Photo: Ella Proctor House, ca, 1672, 189 Concord Street, Gloucester, MA. Listed on the National Register of Historic Places in 1990. Photographed by User:Magicpiano (own work), 2012, [cc-by-3.0 (creativecommons.org/licenses/by/3.0)], via Wikimedia Commons, accessed September, 2017.
Gloucester City Hall is located at 9 Dale Avenue, Gloucester, MA 01930.
It is more than likely that the permanent settlement of Gloucester was effected in the autumn of 1631. Tradition says that Abraham Robinson, a son of the old pastor of the Pilgrims at Leyden, Reverend John Robinson, came with his mother and her family to Plymouth in 1630. The following year Robinson and a few more sailed over from Plymouth, and, landing at Annisquam, were so well satisfied with the country, as it seemed good for the ocean fishing business, that they set up a fishing stage, and made preparation for the accommodation of their families.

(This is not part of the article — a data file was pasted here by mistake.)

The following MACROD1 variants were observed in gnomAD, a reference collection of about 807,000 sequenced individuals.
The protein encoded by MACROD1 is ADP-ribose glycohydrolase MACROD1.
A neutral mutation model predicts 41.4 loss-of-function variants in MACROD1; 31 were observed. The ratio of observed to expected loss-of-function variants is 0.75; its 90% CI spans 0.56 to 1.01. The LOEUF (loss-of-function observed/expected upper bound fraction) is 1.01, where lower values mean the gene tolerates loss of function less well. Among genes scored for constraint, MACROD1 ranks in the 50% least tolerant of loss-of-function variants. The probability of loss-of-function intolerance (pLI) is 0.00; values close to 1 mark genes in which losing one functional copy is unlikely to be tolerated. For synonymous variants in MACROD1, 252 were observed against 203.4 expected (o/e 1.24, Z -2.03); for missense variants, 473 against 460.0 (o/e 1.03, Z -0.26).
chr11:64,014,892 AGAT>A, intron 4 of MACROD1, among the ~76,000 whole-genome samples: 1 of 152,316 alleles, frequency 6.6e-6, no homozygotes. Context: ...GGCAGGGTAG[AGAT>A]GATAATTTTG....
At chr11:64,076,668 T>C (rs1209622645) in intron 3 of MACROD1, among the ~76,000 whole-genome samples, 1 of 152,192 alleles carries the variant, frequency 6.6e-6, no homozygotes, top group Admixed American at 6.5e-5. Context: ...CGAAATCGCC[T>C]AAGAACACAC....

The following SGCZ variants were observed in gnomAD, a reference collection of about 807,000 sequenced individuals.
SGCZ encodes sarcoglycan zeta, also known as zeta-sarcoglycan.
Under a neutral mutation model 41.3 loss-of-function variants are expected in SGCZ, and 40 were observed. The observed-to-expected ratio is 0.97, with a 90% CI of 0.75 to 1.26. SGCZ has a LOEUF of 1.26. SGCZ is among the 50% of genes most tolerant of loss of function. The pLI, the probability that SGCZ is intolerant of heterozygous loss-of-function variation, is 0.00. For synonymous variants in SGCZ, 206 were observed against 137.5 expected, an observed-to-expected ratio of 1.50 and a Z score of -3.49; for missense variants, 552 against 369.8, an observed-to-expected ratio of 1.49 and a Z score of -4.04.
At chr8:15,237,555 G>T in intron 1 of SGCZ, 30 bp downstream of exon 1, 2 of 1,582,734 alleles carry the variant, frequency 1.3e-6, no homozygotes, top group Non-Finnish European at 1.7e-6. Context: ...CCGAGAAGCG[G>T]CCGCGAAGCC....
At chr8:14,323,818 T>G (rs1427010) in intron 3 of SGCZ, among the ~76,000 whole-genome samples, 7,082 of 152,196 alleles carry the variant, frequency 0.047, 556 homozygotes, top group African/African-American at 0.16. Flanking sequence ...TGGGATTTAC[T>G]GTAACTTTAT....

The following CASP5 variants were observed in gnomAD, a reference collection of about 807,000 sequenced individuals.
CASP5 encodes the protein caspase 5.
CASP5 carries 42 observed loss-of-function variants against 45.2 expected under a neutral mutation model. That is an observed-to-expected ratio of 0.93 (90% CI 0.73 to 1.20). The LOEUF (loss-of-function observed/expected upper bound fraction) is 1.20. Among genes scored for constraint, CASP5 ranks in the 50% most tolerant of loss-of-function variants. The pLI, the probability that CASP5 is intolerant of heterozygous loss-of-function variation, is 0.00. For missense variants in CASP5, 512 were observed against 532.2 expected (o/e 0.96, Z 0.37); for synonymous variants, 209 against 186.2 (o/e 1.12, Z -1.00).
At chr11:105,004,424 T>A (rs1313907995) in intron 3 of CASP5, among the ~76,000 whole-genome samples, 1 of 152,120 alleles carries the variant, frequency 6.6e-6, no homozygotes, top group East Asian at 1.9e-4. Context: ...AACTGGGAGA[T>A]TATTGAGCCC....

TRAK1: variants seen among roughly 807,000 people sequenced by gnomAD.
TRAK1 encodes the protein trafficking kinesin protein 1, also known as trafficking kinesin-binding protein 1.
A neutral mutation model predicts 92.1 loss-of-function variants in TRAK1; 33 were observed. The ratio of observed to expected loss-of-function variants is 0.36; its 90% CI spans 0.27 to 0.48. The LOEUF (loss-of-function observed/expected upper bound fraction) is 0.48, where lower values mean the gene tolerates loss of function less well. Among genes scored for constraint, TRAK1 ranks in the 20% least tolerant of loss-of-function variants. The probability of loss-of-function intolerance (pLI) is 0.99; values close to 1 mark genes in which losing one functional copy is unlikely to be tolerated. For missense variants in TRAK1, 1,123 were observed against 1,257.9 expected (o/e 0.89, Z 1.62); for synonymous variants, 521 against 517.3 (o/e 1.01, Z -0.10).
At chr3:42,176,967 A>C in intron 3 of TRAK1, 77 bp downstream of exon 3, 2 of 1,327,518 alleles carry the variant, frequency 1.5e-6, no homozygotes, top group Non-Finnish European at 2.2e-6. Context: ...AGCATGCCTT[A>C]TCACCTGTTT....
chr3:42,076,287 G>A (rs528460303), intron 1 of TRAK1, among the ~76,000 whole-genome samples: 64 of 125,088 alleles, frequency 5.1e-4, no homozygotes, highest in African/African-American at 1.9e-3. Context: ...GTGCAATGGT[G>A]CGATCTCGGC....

At the General Court, says one writer in 1641, the deputy governor (Mr. Endicott) and Messrs. Downing and Hathorne, deputies from Salem, were appointed commissioners, to view and settle the boundaries of Ipswich, Cape Ann and Jeffries' Creek (Manchester). The commissioners appointed the following 8 men to manage the affairs of the plantation for 1642: William Stevens, Mr. Sadler, Obediah Bruen, George Norton, William Addes, Thomas Milward, Mr. Fryer and Walter Tybott.
About this time a large and influential addition was made to the population with the coming of Reverend Richard Blynman, with several families, from Plymouth. In May, 1642, the settlement was incorporated by the simple form then employed, and called Gloucester, from Gloucester in England, the native place of several of the settlers.
Gloucester was incorporated as a city in 1783 with the Honorable Robert R. Fears serving as mayor.
Nearby Towns: Rockport Town •